Cotton: The Fabric of Our Lives – Just Not the Lives of Slaves
The other day I came across the “Cotton Campus” website, which is an interactive website for teachers and children on the history of cotton and sponsored by Cotton Inc. As someone interested in how the history of slavery is remembered (and often ignored) I was curious as to how the people who brought us Mary Matalin and James Carville frolicking in bed would handle what is still a very sensitive issue for many. Needless to say, I was stunned. The only mention of slavery on their website includes a few brief references on their interactive time line. They mention that “slavery was relied on heavily in the 1800s” and a bit later the emancipation is referenced. As for their seven pages of lesson plans (pdf files), the word ‘slavery’ is not mentioned once. Let me give you a sense of what I am talking about.
Consider their fifteen true/false questions: (1) A famous cotton farmer named George Lincoln was called “King Cotton”; (2) In 1607, the first English settlers planted cotton at Jamestown; (3) Eli Whitney built the first cotton gin, a machine that could separate 50 pounds from the seed in one day.
They also give students ideas for “Essay Starters” on various aspects of the history of cotton.
Colonial America: Jamestown, Virginia, founded in 1607, was the first permanent English settlement in North America. One of the imported crops the first English settlers planted was cotton, to make clothes. During the following, 150 years, cotton became an important crop in the Southern colonies, such as Virginia and the Carolinas. England passed laws that required cotton growers to ship all their cotton to England, where it was manufactured into clothes. England then sold the clothing in Europe and to North America at high prices. In defiance of the English law, some cotton was kept within the colonies and used to make clothes called homespun. Homespun was rough and not very fashionable. Clothes imported from England were expensive and only fairly wealthy colonists could afford to buy them. But during the American Revolution patriots wore homespun to their loyalty to the American cause. Even George Washington wore homespun during the Revolution.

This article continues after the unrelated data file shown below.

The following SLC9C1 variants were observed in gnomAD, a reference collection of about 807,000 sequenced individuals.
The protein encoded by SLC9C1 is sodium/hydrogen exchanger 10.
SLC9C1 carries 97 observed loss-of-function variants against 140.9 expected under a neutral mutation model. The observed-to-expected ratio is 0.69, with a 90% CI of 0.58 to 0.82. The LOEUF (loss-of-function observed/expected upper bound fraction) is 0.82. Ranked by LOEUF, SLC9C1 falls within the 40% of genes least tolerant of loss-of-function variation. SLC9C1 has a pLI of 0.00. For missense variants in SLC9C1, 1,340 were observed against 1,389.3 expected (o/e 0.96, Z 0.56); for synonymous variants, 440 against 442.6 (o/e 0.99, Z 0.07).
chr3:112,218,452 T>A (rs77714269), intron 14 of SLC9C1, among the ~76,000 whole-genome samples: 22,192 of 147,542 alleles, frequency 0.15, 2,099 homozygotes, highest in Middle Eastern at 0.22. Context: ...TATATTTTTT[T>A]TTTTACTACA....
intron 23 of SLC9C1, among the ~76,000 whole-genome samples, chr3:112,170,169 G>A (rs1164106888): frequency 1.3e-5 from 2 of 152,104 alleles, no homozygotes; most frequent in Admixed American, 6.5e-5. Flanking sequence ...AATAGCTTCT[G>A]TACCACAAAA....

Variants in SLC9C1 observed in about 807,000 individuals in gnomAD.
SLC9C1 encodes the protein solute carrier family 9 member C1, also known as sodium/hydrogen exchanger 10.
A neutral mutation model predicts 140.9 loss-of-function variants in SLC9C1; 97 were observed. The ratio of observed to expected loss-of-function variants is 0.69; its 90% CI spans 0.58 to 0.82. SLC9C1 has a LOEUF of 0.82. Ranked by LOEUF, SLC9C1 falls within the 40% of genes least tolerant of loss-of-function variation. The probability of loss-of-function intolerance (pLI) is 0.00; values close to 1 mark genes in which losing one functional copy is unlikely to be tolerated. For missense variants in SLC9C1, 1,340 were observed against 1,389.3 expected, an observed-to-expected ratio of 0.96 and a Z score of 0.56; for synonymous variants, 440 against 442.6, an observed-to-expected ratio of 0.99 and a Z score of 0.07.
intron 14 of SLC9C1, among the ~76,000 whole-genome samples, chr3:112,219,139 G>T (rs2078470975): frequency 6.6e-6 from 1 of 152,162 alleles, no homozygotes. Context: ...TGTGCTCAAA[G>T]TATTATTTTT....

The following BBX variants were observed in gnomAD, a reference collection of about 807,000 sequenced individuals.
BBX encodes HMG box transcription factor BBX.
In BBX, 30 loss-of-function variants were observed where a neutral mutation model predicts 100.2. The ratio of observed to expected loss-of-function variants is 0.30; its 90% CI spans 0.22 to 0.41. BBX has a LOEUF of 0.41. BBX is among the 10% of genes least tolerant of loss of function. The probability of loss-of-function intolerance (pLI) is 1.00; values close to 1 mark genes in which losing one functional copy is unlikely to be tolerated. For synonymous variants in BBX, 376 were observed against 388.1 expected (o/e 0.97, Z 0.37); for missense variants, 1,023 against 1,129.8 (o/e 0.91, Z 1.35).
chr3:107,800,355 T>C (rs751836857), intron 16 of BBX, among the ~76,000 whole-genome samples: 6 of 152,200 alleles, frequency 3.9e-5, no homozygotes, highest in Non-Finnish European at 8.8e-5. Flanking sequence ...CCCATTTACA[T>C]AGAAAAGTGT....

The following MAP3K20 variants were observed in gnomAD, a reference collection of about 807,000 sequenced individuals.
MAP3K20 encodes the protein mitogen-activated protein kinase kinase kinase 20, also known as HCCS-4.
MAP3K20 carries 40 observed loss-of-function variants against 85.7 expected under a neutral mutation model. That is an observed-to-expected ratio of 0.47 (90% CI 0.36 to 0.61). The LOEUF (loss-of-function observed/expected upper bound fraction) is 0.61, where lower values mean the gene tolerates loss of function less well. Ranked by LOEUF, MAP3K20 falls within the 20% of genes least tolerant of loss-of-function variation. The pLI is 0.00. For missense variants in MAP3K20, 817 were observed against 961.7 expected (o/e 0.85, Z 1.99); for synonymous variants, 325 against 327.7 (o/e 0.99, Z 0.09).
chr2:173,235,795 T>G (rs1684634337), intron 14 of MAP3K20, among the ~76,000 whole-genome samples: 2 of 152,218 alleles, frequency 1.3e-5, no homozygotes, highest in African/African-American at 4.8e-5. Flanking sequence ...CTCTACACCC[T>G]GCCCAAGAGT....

Eli Whitney and Other Inventors of the Late Eighteenth Century: In 1790, Eli Whitney, a recent graduate of Yale College, moved from New England to Georgia to become a teacher. In Georgia, Whitney saw how hard it was to separate cotton fiber from cotton seeds by hand. It took about 10 hours to get 1 pound of cotton. To help, Whitney invented a machine, called the cotton gin, that could do the work much faster. The cotton gin cold produce 50 pounds of cotton fiber in one day. With the new manufacturing machine, cotton became so important to the American economy that it was called, “King Cotton.”
It’s hard to imagine too many teachers utilizing this website. On the other hand, it is interesting to see how this company handles its own history. After all, their entire marketing scheme is built around ideas of comfort and softness. Their website is as much about creating new customers as it is about education – more of the former, I suspect.